It's hard to empathise with people when you don't share similar experiences, but in THE AGE OF BONES, written by award-winning playwright Sandra Thibodeaux, universal themes of justice and family relationships share the stage with shadow puppets, video, music and text, and are offered to the audience with surprising warmth.
Spanning Australia and Indonesia, as well the ocean the separates our countries, the story follows 15-year-old Ikan (Jacob, though nobody calls him that), who goes missing after failing to return home from his day's fishing expedition. We discover than Ikan had been duped to work for what he believed to be a lot of money, only to find him jailed in Australia, where he's an ocean away from his family. The story is presented to the audience like a saga on the high seas, narrated by an animated old man (Deri Efwanto) and assisted – or berated, at times – by puppeteer Dalang. In Indonesian and in English, Ikan's tale takes us on a satirical journey with a sombre message.
Imam Setia Hagi as Ikan
It's also worth noting that THE AGE OF BONES was inspired by actual events involving 60 Indonesian boys who were imprisoned in Australia for working on refugee boats.
Of the inspiration for the play, Thibodeaux says, "There was widespread concern in Australia at the time about the treatment of Australian live cattle in Indonesia. This was all over the news, while the story about the Indonesian boys was not. It seemed that an Australian steer was of greater value than an Indonesian boy in public discourse." The fact that she is also a mother added to her attachment to the story.
If the subject of imprisonment and human rights seem like hard themes to consume in a theatre production, THE AGE OF BONES does well to inject more light and, dare I say it, a bit of mysticism into the play. Imam Setia Hagi as Ikan and his parents, played by Budi Laksana and Imas Sobariah, interact like any family unit would – with a warm familiarity that helps to underpin why Ikan's disappearance is just that much more heartbreaking. The use of beautiful puppets, operated by I Made Gunanta and I Wayan Sira, added to the appeal. Set design (Dann Barber), AV design (Mic Grunchy) and lighting design (Philip Lethlean) was so important in a piece like this, and the atmosphere of magic and dreamy other-worldliness was spot on. Kudos to Sound Designer and Composer Panos Couros for adding an extra layer to it all. Much of the music was composed in Indonesia, with atmospheric sounds recorded on Rote Island.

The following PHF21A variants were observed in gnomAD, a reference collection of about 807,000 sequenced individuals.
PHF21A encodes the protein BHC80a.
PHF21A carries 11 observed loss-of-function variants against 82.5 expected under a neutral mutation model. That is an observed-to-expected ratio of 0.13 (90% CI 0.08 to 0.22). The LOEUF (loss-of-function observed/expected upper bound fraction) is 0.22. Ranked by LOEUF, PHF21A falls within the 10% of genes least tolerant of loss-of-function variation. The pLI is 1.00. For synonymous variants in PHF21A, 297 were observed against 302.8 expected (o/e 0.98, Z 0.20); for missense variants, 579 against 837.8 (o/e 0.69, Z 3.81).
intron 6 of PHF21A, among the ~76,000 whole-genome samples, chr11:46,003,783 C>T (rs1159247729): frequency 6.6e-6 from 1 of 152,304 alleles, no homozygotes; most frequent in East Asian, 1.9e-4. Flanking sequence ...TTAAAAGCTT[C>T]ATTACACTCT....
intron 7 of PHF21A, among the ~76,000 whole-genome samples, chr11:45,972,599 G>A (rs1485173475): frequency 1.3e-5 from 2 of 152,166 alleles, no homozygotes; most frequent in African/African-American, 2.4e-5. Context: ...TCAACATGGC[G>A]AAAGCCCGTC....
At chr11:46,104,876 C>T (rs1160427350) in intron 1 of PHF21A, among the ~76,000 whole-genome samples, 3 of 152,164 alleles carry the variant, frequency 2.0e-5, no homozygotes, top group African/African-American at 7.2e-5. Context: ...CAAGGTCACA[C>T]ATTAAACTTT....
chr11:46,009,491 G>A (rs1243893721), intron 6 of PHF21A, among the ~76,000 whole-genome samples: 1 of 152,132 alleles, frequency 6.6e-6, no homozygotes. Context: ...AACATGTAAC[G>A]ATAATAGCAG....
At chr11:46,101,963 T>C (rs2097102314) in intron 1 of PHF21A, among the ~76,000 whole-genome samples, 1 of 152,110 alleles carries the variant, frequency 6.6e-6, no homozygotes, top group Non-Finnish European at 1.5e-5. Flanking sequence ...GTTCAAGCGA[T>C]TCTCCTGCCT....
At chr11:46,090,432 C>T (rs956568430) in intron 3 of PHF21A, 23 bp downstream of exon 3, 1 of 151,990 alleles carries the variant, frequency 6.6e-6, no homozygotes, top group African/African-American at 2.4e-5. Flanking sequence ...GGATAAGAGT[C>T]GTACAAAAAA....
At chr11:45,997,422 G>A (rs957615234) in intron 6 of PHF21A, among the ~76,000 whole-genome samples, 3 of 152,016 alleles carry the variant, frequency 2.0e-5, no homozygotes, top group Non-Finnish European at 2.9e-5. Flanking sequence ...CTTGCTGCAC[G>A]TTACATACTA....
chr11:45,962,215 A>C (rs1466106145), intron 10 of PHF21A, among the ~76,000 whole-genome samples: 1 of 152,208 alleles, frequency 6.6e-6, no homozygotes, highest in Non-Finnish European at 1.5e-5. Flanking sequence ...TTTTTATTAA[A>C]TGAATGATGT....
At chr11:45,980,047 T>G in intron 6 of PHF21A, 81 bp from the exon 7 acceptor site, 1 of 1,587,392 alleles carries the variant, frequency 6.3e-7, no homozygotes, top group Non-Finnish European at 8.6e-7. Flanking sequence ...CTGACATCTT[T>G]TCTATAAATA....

Deri Efwanto as the Old Man
At some points of play, I heard a child giggle, humoured by the physical humour in some of the scenes. Anchoring the harsher moments to the ocean and sea elements brought THE AGE OF BONES to a more accessible level. Thibodeaux explains, "To avoid the heaviness of realistic jail and court scenes, I took all the Australian scenes literally 'down under', beneath the ocean. The lawyer became a White Pointer; the judge an octopus."
All in all, THE AGE OF BONES was a thought-provoking piece of theatre, bringing to light a period of shared Australian and Indonesian history that many aren't aware of. With a cast that gels well together and standout production elements, it's not to be missed.